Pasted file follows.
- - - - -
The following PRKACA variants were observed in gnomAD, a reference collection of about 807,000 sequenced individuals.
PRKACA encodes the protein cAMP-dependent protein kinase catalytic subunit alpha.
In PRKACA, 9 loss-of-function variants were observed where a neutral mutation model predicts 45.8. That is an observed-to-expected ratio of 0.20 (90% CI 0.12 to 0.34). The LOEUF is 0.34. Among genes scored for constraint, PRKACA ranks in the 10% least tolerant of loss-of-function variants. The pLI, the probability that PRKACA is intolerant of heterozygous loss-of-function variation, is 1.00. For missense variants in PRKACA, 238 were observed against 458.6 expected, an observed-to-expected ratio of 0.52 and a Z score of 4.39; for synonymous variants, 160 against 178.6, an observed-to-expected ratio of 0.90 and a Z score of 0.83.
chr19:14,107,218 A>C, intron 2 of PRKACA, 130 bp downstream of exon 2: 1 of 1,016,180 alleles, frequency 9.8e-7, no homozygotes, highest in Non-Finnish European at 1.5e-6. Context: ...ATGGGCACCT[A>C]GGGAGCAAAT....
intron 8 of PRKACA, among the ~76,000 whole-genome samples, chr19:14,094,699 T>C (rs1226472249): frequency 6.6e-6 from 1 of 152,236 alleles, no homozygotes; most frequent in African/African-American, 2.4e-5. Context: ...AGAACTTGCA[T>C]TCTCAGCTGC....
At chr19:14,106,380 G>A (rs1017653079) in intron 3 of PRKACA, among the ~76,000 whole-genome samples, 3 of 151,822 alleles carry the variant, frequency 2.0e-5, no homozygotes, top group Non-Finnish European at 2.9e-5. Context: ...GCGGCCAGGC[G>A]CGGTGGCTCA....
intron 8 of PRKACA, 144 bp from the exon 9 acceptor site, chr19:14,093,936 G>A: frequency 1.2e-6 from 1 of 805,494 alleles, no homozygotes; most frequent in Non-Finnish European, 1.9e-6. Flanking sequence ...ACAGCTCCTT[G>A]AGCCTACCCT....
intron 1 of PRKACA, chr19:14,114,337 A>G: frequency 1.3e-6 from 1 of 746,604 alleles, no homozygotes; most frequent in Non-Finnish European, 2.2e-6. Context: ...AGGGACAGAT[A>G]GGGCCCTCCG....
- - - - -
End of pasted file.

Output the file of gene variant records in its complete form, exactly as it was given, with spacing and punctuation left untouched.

The following PRKACA variants were observed in gnomAD, a reference collection of about 807,000 sequenced individuals.
PRKACA encodes the protein cAMP-dependent protein kinase catalytic subunit alpha.
In PRKACA, 9 loss-of-function variants were observed where a neutral mutation model predicts 45.8. That is an observed-to-expected ratio of 0.20 (90% CI 0.12 to 0.34). The LOEUF is 0.34. Among genes scored for constraint, PRKACA ranks in the 10% least tolerant of loss-of-function variants. The pLI, the probability that PRKACA is intolerant of heterozygous loss-of-function variation, is 1.00. For missense variants in PRKACA, 238 were observed against 458.6 expected, an observed-to-expected ratio of 0.52 and a Z score of 4.39; for synonymous variants, 160 against 178.6, an observed-to-expected ratio of 0.90 and a Z score of 0.83.
chr19:14,107,218 A>C, intron 2 of PRKACA, 130 bp downstream of exon 2: 1 of 1,016,180 alleles, frequency 9.8e-7, no homozygotes, highest in Non-Finnish European at 1.5e-6. Context: ...ATGGGCACCT[A>C]GGGAGCAAAT....
intron 8 of PRKACA, among the ~76,000 whole-genome samples, chr19:14,094,699 T>C (rs1226472249): frequency 6.6e-6 from 1 of 152,236 alleles, no homozygotes; most frequent in African/African-American, 2.4e-5. Context: ...AGAACTTGCA[T>C]TCTCAGCTGC....
At chr19:14,106,380 G>A (rs1017653079) in intron 3 of PRKACA, among the ~76,000 whole-genome samples, 3 of 151,822 alleles carry the variant, frequency 2.0e-5, no homozygotes, top group Non-Finnish European at 2.9e-5. Context: ...GCGGCCAGGC[G>A]CGGTGGCTCA....
intron 8 of PRKACA, 144 bp from the exon 9 acceptor site, chr19:14,093,936 G>A: frequency 1.2e-6 from 1 of 805,494 alleles, no homozygotes; most frequent in Non-Finnish European, 1.9e-6. Flanking sequence ...ACAGCTCCTT[G>A]AGCCTACCCT....
intron 1 of PRKACA, chr19:14,114,337 A>G: frequency 1.3e-6 from 1 of 746,604 alleles, no homozygotes; most frequent in Non-Finnish European, 2.2e-6. Context: ...AGGGACAGAT[A>G]GGGCCCTCCG....